Chinese consumers are expected to continue to grow in strength and sophistication, tripling their annual expenditures on fashion by 2020 to 1.3 trillion yuan, or $200.7 billion at current exchange, according to a report from The Boston Consulting Group.

This story first appeared in the July 19, 2011 issue of WWD. Subscribe Today.

“It is not enough…for companies to assume that they can sit back and be buoyed along with the coming wave of growth,” cautioned the report, entitled “Dressing Up: Capturing the Dynamic Growth of China’s Fashion Market.” “Growth over the next 10 years will manifest itself in very different patterns from those of the past 10 years.”

It was only in the late Nineties that increasing wealth and an opening society allowed the Chinese to express their individuality through fashion, said the report, noting that companies looking to grow will need to understand demographic and retail changes under way.

Fashion shoppers in their 20s and 30s, who were born after the Cultural Revolution, already outspend the urban average by 18 percent. “They have not ‘eaten bitterness’ the way their parents did, and many have a good job at a foreign or local enterprise — all of which translates into a strong sense of optimism,” the report said.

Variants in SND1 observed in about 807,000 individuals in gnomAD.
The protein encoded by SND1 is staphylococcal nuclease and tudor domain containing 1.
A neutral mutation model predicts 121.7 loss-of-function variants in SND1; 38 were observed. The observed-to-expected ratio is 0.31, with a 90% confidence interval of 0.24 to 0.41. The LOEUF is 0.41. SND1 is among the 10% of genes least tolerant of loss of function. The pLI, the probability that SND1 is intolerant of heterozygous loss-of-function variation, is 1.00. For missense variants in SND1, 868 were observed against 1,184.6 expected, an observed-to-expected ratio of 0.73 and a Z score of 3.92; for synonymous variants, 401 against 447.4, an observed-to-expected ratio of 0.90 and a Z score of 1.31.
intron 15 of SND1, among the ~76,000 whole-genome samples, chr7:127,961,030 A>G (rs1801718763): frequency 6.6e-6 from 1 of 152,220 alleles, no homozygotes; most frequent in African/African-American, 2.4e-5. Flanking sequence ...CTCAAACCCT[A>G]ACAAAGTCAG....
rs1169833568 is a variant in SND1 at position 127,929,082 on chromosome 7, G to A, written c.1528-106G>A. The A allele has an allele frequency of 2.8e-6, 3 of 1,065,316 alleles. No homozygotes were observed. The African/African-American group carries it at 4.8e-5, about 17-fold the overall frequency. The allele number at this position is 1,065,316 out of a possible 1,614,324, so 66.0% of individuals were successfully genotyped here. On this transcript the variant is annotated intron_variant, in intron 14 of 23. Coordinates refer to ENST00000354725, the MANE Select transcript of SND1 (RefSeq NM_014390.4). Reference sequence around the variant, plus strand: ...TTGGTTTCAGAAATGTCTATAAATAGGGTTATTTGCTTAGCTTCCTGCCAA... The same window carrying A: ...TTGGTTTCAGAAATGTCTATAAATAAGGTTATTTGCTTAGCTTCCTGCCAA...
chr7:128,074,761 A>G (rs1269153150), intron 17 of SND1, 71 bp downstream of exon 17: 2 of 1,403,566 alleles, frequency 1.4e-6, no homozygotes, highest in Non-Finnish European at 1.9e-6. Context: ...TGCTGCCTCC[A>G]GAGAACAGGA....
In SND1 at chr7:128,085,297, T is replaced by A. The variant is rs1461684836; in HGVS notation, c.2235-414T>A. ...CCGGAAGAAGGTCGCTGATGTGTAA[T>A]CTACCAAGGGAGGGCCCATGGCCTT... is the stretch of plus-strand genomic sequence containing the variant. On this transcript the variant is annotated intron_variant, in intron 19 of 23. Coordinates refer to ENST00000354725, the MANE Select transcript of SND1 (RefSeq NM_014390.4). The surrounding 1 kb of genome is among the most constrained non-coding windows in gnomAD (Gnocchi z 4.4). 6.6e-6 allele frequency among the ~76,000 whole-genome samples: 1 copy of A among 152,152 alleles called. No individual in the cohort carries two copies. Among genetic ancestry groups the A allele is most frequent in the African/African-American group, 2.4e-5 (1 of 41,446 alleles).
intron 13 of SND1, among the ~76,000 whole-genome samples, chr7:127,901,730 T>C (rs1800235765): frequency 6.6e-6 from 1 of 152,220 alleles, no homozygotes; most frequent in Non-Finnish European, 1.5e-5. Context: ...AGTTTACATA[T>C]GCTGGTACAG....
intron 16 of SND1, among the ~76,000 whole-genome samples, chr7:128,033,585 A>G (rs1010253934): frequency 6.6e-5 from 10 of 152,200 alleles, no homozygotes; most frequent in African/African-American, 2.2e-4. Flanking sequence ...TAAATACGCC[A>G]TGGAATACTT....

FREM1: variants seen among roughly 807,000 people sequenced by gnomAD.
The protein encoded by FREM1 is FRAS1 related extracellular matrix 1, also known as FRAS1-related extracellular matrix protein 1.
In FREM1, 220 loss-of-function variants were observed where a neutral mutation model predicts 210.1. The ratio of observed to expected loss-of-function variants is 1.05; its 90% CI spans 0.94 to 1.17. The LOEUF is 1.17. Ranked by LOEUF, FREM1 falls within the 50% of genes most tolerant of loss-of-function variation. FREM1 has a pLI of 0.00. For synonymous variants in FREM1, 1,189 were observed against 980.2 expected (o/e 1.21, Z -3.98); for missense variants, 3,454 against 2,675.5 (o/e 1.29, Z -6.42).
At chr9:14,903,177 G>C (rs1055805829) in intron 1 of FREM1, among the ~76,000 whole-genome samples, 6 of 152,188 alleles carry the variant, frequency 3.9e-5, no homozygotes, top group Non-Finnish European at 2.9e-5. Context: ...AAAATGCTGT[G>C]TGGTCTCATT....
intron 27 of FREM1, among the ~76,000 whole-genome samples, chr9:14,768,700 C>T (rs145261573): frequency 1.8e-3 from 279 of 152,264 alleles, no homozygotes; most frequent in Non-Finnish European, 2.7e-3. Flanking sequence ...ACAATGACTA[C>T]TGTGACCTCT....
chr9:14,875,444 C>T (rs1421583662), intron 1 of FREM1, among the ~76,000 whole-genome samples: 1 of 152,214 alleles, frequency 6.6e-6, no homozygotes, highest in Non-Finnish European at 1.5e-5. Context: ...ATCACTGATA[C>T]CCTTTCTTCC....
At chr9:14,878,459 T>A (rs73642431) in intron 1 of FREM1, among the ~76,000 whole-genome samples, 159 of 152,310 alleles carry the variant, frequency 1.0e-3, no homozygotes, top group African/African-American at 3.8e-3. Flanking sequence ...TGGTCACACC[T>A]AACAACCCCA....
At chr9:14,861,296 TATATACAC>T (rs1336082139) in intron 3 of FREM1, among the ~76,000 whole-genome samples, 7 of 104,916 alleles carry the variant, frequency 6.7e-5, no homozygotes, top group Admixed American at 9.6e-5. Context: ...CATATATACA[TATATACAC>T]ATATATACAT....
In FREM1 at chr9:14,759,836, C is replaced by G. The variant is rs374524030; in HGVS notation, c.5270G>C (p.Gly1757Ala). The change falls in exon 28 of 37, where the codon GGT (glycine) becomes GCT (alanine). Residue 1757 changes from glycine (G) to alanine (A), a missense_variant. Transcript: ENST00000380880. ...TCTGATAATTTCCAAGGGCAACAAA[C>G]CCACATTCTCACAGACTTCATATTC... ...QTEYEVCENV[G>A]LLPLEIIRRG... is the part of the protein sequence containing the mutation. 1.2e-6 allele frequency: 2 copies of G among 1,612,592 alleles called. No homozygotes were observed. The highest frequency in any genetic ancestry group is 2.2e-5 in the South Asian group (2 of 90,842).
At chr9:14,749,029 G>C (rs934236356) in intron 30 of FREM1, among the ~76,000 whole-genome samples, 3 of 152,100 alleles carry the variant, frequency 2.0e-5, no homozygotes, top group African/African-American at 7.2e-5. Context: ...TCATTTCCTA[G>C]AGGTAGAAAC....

Women and those living inland or in a “low-tier” city are also expected to spend more on fashion over the coming decade.

Overseas expansion is seen as a key growth driver for many U.S. and European brands that find the consumer market sluggish at home. But many of those brands have just begun to tap the market: Zara has about 70 stores in China, while Benetton has 25 and Gap has five, the report noted. By contrast, early adopters have blanketed the country with stores, many of them franchises. Nike and Adidas each have about 6,000 stores in the country, while Chinese sports brands Li Ning and Anta each have about 7,000 doors.

The report was based on interviews with more than 5,000 consumers aged 14 to 45.

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